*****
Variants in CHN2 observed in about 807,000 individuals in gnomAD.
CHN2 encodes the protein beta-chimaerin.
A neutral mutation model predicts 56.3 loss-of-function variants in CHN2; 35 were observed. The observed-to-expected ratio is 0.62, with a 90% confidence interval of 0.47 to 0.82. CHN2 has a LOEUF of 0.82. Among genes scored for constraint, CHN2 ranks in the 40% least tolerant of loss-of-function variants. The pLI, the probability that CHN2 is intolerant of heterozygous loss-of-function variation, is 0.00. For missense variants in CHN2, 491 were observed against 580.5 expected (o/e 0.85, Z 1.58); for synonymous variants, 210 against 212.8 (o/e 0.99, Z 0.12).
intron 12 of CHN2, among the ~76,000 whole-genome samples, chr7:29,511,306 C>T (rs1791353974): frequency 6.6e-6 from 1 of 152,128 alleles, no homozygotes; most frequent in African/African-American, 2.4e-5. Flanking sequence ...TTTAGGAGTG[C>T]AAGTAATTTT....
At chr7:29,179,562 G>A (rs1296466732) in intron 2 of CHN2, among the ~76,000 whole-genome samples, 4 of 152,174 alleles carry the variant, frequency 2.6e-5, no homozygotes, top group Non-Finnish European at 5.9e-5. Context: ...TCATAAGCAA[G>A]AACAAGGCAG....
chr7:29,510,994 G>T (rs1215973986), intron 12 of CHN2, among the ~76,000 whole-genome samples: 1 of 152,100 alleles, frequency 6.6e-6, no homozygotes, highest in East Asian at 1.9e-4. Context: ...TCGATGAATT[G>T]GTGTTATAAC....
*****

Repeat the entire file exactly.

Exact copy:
Variants in CHN2 observed in about 807,000 individuals in gnomAD.
CHN2 encodes the protein beta-chimaerin.
A neutral mutation model predicts 56.3 loss-of-function variants in CHN2; 35 were observed. The observed-to-expected ratio is 0.62, with a 90% confidence interval of 0.47 to 0.82. CHN2 has a LOEUF of 0.82. Among genes scored for constraint, CHN2 ranks in the 40% least tolerant of loss-of-function variants. The pLI, the probability that CHN2 is intolerant of heterozygous loss-of-function variation, is 0.00. For missense variants in CHN2, 491 were observed against 580.5 expected (o/e 0.85, Z 1.58); for synonymous variants, 210 against 212.8 (o/e 0.99, Z 0.12).
intron 12 of CHN2, among the ~76,000 whole-genome samples, chr7:29,511,306 C>T (rs1791353974): frequency 6.6e-6 from 1 of 152,128 alleles, no homozygotes; most frequent in African/African-American, 2.4e-5. Flanking sequence ...TTTAGGAGTG[C>T]AAGTAATTTT....
At chr7:29,179,562 G>A (rs1296466732) in intron 2 of CHN2, among the ~76,000 whole-genome samples, 4 of 152,174 alleles carry the variant, frequency 2.6e-5, no homozygotes, top group Non-Finnish European at 5.9e-5. Context: ...TCATAAGCAA[G>A]AACAAGGCAG....
chr7:29,510,994 G>T (rs1215973986), intron 12 of CHN2, among the ~76,000 whole-genome samples: 1 of 152,100 alleles, frequency 6.6e-6, no homozygotes, highest in East Asian at 1.9e-4. Context: ...TCGATGAATT[G>T]GTGTTATAAC....